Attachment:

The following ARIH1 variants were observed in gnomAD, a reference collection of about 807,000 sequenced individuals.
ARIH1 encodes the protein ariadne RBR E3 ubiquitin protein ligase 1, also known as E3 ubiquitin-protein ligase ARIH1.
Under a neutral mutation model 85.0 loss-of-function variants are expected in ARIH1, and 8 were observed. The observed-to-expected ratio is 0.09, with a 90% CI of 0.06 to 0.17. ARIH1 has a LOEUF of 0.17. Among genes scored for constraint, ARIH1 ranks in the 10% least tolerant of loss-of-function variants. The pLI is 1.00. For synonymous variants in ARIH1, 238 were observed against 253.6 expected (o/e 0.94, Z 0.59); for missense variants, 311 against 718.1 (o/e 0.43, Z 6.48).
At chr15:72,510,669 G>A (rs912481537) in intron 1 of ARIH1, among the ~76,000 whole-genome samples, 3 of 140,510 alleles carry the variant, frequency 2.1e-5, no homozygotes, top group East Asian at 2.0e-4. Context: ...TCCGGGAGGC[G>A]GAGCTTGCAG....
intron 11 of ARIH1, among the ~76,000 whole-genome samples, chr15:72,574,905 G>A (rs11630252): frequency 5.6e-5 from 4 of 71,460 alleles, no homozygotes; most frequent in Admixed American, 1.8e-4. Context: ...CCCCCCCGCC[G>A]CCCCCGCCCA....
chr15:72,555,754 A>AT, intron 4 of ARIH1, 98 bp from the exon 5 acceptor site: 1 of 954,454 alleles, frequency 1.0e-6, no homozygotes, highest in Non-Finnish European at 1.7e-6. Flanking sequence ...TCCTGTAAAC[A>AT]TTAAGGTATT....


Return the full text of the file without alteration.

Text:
The following ARIH1 variants were observed in gnomAD, a reference collection of about 807,000 sequenced individuals.
ARIH1 encodes the protein ariadne RBR E3 ubiquitin protein ligase 1, also known as E3 ubiquitin-protein ligase ARIH1.
Under a neutral mutation model 85.0 loss-of-function variants are expected in ARIH1, and 8 were observed. The observed-to-expected ratio is 0.09, with a 90% CI of 0.06 to 0.17. ARIH1 has a LOEUF of 0.17. Among genes scored for constraint, ARIH1 ranks in the 10% least tolerant of loss-of-function variants. The pLI is 1.00. For synonymous variants in ARIH1, 238 were observed against 253.6 expected (o/e 0.94, Z 0.59); for missense variants, 311 against 718.1 (o/e 0.43, Z 6.48).
At chr15:72,510,669 G>A (rs912481537) in intron 1 of ARIH1, among the ~76,000 whole-genome samples, 3 of 140,510 alleles carry the variant, frequency 2.1e-5, no homozygotes, top group East Asian at 2.0e-4. Context: ...TCCGGGAGGC[G>A]GAGCTTGCAG....
intron 11 of ARIH1, among the ~76,000 whole-genome samples, chr15:72,574,905 G>A (rs11630252): frequency 5.6e-5 from 4 of 71,460 alleles, no homozygotes; most frequent in Admixed American, 1.8e-4. Context: ...CCCCCCCGCC[G>A]CCCCCGCCCA....
chr15:72,555,754 A>AT, intron 4 of ARIH1, 98 bp from the exon 5 acceptor site: 1 of 954,454 alleles, frequency 1.0e-6, no homozygotes, highest in Non-Finnish European at 1.7e-6. Flanking sequence ...TCCTGTAAAC[A>AT]TTAAGGTATT....